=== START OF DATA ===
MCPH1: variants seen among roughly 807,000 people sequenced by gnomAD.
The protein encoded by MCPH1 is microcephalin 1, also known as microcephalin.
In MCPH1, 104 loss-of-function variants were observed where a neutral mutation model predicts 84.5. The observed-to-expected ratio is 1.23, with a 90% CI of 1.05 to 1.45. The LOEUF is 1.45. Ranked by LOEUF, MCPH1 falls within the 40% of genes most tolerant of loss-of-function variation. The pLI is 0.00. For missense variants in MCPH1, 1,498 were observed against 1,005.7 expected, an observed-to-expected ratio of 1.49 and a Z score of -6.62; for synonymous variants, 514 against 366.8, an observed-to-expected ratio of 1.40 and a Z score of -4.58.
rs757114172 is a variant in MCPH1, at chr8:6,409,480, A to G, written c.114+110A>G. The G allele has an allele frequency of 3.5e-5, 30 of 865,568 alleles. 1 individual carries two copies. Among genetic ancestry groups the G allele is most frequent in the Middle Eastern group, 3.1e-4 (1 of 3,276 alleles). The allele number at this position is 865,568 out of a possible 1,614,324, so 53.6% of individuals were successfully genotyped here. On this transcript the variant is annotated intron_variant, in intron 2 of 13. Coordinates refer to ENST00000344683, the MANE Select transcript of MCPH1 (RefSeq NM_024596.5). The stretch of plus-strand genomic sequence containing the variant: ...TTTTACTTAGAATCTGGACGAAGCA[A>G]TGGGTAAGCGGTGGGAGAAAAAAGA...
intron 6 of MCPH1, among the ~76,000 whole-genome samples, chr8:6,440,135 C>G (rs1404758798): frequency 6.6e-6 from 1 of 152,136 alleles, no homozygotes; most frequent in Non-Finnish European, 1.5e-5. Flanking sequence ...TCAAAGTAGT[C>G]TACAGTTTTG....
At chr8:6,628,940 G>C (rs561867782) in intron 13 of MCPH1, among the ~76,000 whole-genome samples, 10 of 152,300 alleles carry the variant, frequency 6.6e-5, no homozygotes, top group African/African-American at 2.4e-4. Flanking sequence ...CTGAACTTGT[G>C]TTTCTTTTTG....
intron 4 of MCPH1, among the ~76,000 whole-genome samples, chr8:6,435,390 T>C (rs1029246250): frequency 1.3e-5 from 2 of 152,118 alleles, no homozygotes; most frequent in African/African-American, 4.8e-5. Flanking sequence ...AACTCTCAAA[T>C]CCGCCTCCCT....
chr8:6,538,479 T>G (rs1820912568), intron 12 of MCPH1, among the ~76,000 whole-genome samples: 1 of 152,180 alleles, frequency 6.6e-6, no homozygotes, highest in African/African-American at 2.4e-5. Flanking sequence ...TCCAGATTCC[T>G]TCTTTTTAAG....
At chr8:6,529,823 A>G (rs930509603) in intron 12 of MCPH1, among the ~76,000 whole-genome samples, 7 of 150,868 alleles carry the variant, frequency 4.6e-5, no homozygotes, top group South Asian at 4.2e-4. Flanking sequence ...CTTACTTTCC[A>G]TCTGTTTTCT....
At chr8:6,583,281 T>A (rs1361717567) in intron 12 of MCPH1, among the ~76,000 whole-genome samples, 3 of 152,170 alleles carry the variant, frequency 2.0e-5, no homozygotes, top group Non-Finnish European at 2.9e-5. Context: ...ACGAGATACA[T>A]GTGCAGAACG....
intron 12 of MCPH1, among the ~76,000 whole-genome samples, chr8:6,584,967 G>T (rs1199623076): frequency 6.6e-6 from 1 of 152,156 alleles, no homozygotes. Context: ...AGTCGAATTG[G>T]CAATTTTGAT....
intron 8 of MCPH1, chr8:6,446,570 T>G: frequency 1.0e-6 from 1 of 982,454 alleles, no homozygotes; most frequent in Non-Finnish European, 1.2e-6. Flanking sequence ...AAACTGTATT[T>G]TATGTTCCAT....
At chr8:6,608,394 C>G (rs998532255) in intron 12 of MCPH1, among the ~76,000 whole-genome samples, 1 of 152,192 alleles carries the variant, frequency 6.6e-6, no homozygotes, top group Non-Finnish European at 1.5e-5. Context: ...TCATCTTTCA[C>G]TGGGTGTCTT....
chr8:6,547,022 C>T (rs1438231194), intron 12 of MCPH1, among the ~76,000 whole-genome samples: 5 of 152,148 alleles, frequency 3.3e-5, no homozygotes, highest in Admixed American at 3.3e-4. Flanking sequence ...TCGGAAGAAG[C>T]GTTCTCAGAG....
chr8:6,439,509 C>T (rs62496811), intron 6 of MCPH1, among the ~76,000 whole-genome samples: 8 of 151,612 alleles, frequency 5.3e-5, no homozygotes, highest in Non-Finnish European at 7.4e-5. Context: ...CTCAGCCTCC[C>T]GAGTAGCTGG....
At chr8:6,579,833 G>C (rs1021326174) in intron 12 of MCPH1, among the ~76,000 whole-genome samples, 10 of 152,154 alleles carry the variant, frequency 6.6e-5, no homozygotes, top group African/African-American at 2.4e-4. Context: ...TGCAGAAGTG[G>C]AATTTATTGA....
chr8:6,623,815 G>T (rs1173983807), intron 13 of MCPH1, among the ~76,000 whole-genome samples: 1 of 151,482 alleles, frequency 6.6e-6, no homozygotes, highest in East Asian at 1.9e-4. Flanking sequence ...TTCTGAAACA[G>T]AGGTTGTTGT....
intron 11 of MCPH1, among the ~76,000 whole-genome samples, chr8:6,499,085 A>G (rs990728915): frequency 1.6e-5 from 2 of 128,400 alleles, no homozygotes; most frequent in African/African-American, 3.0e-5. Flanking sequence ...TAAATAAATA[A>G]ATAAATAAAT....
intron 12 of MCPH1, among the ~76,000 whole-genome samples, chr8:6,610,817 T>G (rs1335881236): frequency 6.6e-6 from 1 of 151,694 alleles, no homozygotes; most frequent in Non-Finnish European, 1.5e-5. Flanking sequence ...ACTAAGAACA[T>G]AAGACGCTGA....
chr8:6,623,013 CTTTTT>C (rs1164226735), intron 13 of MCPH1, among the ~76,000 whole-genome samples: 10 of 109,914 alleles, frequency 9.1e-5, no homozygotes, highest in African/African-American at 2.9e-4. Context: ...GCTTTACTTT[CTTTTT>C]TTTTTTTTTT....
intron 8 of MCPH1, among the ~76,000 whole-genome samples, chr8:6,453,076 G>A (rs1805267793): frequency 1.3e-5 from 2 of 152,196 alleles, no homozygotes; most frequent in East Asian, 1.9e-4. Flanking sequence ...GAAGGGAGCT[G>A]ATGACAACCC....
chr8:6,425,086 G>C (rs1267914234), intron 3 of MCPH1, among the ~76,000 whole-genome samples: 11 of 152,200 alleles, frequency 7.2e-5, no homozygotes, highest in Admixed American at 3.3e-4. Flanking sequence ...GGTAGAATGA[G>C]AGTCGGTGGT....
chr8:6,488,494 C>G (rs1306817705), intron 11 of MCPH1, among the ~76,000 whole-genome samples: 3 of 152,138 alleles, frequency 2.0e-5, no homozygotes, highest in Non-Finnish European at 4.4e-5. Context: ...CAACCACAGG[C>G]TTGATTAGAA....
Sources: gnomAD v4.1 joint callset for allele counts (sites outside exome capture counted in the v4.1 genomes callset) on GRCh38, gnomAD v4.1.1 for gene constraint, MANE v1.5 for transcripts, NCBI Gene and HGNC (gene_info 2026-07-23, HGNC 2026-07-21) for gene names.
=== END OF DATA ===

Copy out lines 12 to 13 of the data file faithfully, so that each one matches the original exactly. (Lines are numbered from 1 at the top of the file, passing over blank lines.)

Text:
intron 8 of MCPH1, chr8:6,446,570 T>G: frequency 1.0e-6 from 1 of 982,454 alleles, no homozygotes; most frequent in Non-Finnish European, 1.2e-6. Flanking sequence ...AAACTGTATT[T>G]TATGTTCCAT....
At chr8:6,608,394 C>G (rs998532255) in intron 12 of MCPH1, among the ~76,000 whole-genome samples, 1 of 152,192 alleles carries the variant, frequency 6.6e-6, no homozygotes, top group Non-Finnish European at 1.5e-5. Context: ...TCATCTTTCA[C>G]TGGGTGTCTT....